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George Floyd rallies in Chicago: 30,000 protesters rally in Union Park, march through streets

With Mayor Lori Lightfoot limiting access to the Loop by raising most Chicago River bridges, the huge crowd of protesters marched through the near West and North sides.

A crowd of protesters that reached 30,000 Saturday march north on Ashland Avenue calling for police reform in the wake of the Minneapolis police killing of George Floyd.
A crowd of protesters that reached 30,000 Saturday march north on Ashland Avenue calling for police reform in the wake of the Minneapolis police killing of George Floyd.
Tyler LaRiviere/Sun-Times

An estimated crowd of 30,000 peaceful protesters demanding police reform returned to Union Park Saturday, a week after the George Floyd protests and accompanying riots rattled the city.

Activists and groups from across Chicago gathered in the Near West Side park before heading north on Ashland Avenue and marching through West Town.

“Being out here, seeing all different races come together — we’re here, we’re making a difference, we’re making a change,” Savanah Wilbourn said. “I was shocked to see this many people here.

“People think you have to be black to support Black Lives Matter, and that’s not true at all,” said Wilbourn, who is black. “You just have to have the correct mindset to understand it.”

The massive crowd stretched nearly 20 blocks as protesters turned east on Division Street before reconvening at the the site of the former Cabrini Green public housing complex on the Near North Side.

A woman listens to speakers at a rally Saturday in Unions Park while wearing a face mask with Black Lives Matter written on it.
A woman listens to speakers at a rally Saturday in Unions Park while wearing a face mask with Black Lives Matter written on it.
Tyler LaRiviere/Sun-Times

At both Union Park and Cabrini Green, organizers from the group Activate Chi addressed the crowd with poetry, songs, chants and speeches.

“You hope that people can gather the empathy on their own, but the only way to possess that empathy sometimes is to have someone of that color express it to you,” Activate Chi founder Dom Brown said. “The unity that we had with black and brown people speaking their perspectives is an eye-opening experience, especially when you’re gathered among so many people that share that same value.”

Getty Kasole, another Activate Chi organizer, said the protest was planned over four grueling days as the board recruited marketing, legal, medical and logistical teams to keep the enormous crowd safe and coordinated.

“We didn’t know what to expect, but the number of people that showed up has encouraged us to keep going,” Kasole said. “This is just the beginning. It’s invigorated us to keep marching until we get our demands met.”

Brown said he started Activate Chi during the 2016 presidential election and revived it recently when the nationwide Floyd protests reawakened his spirit of activism.

He concluded the sequence of speakers at Cabrini Green with a passionate speech encouraging protesters to make their voices heard again by voting later this year.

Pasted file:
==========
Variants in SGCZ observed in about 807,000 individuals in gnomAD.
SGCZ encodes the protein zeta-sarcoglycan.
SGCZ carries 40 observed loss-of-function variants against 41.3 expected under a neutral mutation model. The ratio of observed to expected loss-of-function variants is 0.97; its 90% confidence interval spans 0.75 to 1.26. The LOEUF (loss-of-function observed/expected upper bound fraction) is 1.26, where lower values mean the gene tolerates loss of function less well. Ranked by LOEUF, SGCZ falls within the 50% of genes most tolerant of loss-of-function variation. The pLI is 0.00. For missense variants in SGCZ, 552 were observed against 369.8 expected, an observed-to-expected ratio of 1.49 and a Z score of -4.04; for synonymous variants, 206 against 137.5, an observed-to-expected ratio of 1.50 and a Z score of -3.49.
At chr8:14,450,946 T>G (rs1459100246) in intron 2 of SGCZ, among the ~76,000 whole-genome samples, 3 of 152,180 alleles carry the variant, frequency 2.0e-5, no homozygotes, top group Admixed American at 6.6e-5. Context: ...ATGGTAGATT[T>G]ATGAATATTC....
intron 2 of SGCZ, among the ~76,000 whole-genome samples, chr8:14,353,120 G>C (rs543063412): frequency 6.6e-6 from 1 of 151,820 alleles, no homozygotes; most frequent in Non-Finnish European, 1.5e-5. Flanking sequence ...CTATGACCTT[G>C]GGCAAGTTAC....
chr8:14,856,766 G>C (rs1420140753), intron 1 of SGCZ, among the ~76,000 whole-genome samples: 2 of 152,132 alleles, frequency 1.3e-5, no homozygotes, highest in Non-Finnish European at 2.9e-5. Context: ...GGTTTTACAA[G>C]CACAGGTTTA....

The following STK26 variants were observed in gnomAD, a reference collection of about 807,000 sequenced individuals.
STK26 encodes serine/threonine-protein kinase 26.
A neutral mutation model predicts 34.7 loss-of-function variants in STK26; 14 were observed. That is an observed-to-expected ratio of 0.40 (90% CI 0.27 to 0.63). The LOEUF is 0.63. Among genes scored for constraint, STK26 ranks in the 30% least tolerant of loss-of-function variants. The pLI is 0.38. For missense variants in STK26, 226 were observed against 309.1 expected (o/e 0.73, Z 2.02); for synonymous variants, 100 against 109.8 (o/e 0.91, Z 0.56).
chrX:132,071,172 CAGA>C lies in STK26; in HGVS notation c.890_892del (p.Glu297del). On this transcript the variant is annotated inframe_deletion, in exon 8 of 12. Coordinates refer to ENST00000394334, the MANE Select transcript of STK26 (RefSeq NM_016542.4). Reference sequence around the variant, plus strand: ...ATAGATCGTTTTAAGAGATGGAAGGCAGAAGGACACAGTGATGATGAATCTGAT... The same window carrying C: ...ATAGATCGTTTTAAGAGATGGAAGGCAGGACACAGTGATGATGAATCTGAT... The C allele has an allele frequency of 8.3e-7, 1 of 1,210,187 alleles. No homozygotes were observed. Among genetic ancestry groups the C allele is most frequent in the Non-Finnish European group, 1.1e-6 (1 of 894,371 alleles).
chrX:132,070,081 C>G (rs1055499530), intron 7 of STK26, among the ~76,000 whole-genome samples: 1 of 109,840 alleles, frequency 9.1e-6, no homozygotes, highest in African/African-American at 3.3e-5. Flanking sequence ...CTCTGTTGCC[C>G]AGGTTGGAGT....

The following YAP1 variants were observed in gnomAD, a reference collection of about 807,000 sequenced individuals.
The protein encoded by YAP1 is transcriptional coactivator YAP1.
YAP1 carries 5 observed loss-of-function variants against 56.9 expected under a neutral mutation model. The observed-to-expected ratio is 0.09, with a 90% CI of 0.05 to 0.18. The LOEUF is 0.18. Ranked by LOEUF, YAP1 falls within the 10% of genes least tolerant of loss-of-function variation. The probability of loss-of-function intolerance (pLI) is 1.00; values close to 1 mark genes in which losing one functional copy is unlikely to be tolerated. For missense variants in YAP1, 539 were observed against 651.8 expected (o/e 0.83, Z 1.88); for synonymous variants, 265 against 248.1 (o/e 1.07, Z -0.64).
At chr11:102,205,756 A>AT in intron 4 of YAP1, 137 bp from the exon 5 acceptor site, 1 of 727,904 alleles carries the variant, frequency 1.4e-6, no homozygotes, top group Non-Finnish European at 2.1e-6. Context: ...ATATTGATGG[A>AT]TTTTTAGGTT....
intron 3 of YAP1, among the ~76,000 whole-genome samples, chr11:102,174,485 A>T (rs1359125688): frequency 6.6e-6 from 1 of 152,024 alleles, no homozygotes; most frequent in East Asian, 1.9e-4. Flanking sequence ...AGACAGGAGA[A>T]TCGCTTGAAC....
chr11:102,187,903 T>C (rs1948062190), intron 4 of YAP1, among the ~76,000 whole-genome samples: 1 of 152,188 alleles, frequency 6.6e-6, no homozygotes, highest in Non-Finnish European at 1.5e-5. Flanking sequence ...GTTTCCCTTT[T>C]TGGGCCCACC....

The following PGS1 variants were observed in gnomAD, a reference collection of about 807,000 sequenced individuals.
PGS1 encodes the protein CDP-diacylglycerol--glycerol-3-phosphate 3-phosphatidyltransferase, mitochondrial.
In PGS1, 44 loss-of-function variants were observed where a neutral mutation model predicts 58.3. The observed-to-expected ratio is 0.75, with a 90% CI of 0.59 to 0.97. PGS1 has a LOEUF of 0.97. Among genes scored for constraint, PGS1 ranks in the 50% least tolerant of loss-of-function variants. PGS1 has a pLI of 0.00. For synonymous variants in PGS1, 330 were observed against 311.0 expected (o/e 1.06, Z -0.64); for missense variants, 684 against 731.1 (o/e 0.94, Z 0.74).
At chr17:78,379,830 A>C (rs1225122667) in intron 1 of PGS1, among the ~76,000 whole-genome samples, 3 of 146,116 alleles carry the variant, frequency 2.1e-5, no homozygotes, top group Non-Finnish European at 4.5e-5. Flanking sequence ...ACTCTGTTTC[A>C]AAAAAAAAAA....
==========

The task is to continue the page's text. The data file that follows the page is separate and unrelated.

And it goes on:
“It’s the most important thing to take away from this,” he said afterward. “All of this will be in vain if we do not show up at the polls.

“We have to beat these politicians up at the polls.”

Chicago police officers walk by a boarded-up business Saturday during a massive peaceful protest in Chicago calling for police reform.
Chicago police officers walk by a boarded-up business Saturday during a massive peaceful protest in Chicago calling for police reform.
Tyler LaRiviere/Sun-Times

The march also attracted other outspoken protesters, including Jeremy Saxon, whose Statue of Liberty costume made him stand out among the masses.

Saxon said the purpose of his costume was to draw attention to the myth of the American Dream.

“The United States is the most violent, oppressive force in the world, and that extends to the police and the police brutality against its own citizens,” Saxon said. “But the evidence is clear: There are thousands of people demonstrating here, being heard and making sure that no other black life is lost as a result of police brutality, violence and murder.”

Thousands of people march north on Ashland Avenue Saturday during a peaceful protest for police reform in Chicago.
Thousands march north on Ashland Avenue Saturday during a peaceful protest for police reform in Chicago.
Tyler LaRiviere/Sun-Times

Weekend closures with more protests expected

The city is again limiting access to the Loop by raising most Chicago River bridges. The only ones accessible by foot on Saturday were at Lake Street, Wells Street, Washington Street and LaSalle Street.

Mayor Lori Lightfoot and Police Supt. David Brown are hoping to avoid a repeat of last weekend’s chaos, when a peaceful protest in Federal Plaza was followed by violent police clashes and widespread vandalism and looting.

Activate Chi organizers said Saturday police commanders cooperated with demands that officers maintain only a limited presence and not wear riot gear, and no arrests were made during their protest.

In anticipation of more demonstrations, however, on Saturday the city had shut down traffic on Lake Shore Drive from 31st Street to Fullerton Avenue. Exits on Interstate 90/94 are closed from 18th Street to Fullerton. The Eisenhower Expressway (I-290) is closed at Ida B. Wells Drive, and all I-55 traffic is being diverted onto I-90/94.

Lightfoot’s 9 p.m. curfew is still in effect, with Illinois National Guard soldiers enforcing street closures.

Protests march east on Division Street Saturday during a protest in Chicago to call for police reform in response to the Minnesota police killing of George Floyd.
Protests march east on Division Street Saturday during a protest in Chicago to call for police reform in response to the Minnesota police killing of George Floyd.
Tyler LaRiviere/Sun-Times